After dropping hints for several weeks, the European Central Bank made history today by doing what no major central bank has done outside a major financial crisis: It pushed the rate on bank deposits to minus 0.1 percent. The move was part of a big package in which the ECB also dropped its main lending rate to 0.15 percent and eased up on collateral rules. Moreover, ECB President Mario Draghi signaled the central bank's willingness to do more, should conditions warrant it.
It is an impressive move, and it needed to be, given the headwinds facing the European economy. Yet it may not be sufficient.
In this innovative and diversified package, the ECB is easing monetary and credit conditions not only through the negative deposit rate and a lower lending rate, but also by putting an end to its weekly absorption of money in circulation (a process called sterilization) and providing better credit access for banks that lend to businesses and consumers. It also announced its intention to buy certain assets in the marketplace, underscoring Draghi's comment that "we aren't finished yet."
Three factors probably motivated the ECB's bold actions. First, the central bank has mounting concerns with "lowflation," confirmed by this week's unexpected fall in the euro-area inflation rate to 0.5 percent.
Those concerns were heightened today with the ECB's downward revisions in its inflation forecasts for 2014 and 2015. Persistently low inflation could lead Europeans to expect more of the same over the medium term, which in turn would exacerbate debt concerns and slow economic activity.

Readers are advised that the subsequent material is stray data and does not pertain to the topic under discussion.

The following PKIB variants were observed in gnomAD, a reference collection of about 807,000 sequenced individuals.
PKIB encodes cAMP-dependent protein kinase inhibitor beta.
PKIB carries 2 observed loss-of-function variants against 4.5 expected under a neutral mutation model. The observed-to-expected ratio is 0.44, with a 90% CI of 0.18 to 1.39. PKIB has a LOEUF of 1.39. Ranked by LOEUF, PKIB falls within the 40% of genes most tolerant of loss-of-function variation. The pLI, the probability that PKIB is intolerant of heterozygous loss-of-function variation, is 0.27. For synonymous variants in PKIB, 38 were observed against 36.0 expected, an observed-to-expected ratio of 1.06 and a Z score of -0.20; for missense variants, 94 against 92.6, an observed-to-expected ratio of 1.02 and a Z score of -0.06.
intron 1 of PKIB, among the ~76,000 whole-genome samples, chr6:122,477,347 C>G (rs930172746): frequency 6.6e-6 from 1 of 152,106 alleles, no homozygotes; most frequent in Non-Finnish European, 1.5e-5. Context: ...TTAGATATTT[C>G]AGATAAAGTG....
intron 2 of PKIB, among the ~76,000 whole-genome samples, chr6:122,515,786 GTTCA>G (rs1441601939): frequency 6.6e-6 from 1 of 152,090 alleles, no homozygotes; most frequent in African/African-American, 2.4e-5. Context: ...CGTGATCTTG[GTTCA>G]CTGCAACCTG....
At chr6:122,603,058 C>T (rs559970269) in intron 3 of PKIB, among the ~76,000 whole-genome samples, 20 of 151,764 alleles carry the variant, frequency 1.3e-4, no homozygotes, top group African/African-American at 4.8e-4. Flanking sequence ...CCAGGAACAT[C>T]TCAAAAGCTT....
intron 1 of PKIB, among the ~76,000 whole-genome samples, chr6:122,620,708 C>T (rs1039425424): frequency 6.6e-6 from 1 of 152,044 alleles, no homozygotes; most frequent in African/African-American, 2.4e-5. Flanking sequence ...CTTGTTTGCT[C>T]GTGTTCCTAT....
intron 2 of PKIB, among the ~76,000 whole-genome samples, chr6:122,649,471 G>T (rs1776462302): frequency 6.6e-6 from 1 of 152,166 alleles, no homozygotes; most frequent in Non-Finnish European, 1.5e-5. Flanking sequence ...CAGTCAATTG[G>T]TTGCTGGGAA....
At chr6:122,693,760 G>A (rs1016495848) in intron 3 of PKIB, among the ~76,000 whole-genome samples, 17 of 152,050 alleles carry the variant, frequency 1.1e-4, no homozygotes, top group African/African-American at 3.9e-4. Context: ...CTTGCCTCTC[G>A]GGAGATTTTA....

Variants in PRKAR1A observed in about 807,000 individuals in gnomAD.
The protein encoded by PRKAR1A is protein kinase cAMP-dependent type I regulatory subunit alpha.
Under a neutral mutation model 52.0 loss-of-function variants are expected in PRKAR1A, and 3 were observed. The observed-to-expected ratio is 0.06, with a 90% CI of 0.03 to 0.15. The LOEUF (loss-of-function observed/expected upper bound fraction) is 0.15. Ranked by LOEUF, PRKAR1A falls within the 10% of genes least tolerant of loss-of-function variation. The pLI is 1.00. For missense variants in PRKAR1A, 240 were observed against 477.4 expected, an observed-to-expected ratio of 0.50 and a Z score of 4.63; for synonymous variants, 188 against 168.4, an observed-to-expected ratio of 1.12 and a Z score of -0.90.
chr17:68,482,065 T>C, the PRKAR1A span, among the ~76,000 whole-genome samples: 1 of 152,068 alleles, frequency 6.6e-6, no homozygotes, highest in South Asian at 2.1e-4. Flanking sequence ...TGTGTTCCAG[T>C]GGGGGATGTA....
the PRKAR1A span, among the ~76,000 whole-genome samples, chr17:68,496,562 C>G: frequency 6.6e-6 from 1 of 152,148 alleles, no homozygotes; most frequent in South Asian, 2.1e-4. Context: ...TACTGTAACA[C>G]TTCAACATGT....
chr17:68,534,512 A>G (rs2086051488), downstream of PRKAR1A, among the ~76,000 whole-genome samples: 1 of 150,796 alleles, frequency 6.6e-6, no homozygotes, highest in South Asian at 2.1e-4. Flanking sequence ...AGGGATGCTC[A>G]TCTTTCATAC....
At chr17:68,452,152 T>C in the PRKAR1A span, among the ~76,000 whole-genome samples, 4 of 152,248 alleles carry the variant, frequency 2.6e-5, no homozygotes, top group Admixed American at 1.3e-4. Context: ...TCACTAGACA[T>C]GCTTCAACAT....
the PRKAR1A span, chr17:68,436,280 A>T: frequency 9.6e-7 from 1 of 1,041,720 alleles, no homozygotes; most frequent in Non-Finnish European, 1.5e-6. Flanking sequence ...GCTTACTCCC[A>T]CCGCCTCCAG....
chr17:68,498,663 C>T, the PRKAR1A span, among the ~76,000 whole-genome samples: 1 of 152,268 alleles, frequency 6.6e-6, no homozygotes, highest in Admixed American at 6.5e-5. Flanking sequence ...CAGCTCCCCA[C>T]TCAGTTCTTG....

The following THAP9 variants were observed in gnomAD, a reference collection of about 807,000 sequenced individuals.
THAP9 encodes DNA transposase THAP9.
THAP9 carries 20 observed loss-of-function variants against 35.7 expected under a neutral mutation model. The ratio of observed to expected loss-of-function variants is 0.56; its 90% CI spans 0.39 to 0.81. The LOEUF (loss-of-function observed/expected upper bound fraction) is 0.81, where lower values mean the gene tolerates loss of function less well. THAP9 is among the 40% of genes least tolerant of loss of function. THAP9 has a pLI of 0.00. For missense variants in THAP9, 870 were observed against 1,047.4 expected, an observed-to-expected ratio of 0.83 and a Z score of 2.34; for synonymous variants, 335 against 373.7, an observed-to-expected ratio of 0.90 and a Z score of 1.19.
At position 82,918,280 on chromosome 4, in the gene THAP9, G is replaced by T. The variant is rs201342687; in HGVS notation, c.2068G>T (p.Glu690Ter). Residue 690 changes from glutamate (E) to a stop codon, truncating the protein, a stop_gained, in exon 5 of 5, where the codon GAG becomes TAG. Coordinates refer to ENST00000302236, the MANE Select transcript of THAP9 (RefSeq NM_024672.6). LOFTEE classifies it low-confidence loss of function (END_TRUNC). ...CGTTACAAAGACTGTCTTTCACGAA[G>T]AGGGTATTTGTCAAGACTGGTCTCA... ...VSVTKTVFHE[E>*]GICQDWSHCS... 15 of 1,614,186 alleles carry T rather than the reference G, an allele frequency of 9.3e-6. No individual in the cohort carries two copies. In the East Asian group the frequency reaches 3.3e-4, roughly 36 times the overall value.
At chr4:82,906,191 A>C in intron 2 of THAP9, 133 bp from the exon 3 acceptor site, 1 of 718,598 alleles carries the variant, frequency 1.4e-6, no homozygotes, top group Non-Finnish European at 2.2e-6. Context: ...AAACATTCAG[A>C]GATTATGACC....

Second, the ECB is worried that a relatively strong euro is adding to disinflationary pressures and making it harder for European exporters to compete.
Third, the ECB is concerned about the limited availability, and relatively high cost of, credit for small- and medium-term enterprises in the peripheral countries. The lack of credit is curtailing an important source of employment and economic vibrancy.
Many of the measures the ECB introduced today have been tried elsewhere as central banks push against the lower bound of interest rates. The experience is far from encouraging, something the ECB seems to have understood. So rather than adopt measures piecemeal, the ECB has opted for a "big bang."
Moreover, to encourage people to give these measures the benefit of the doubt -- after all, the ECB is in the business of informing and influencing the economic decisions of households and companies -- the central bank also made it clear that it would do more to speed Europe's recovery.
Yet the success of the ECB's historic moves is far from guaranteed, if only because the euro area faces considerable headwinds due to structural impediments and debt overhangs. Also, while the ECB is taking somewhat targeted measures, today's actions will do little to rebalance demand within the euro area.
The ECB showed courage by moving simultaneously on many fronts, several of which were deemed unthinkable just a few months ago. Unfortunately, more is needed to put the European recovery in a much-needed liftoff phase. Monetary policy can't do that on its own, no matter how bold and innovative a Draghi-led central bank is. Europe's politicians must also step up to the plate.
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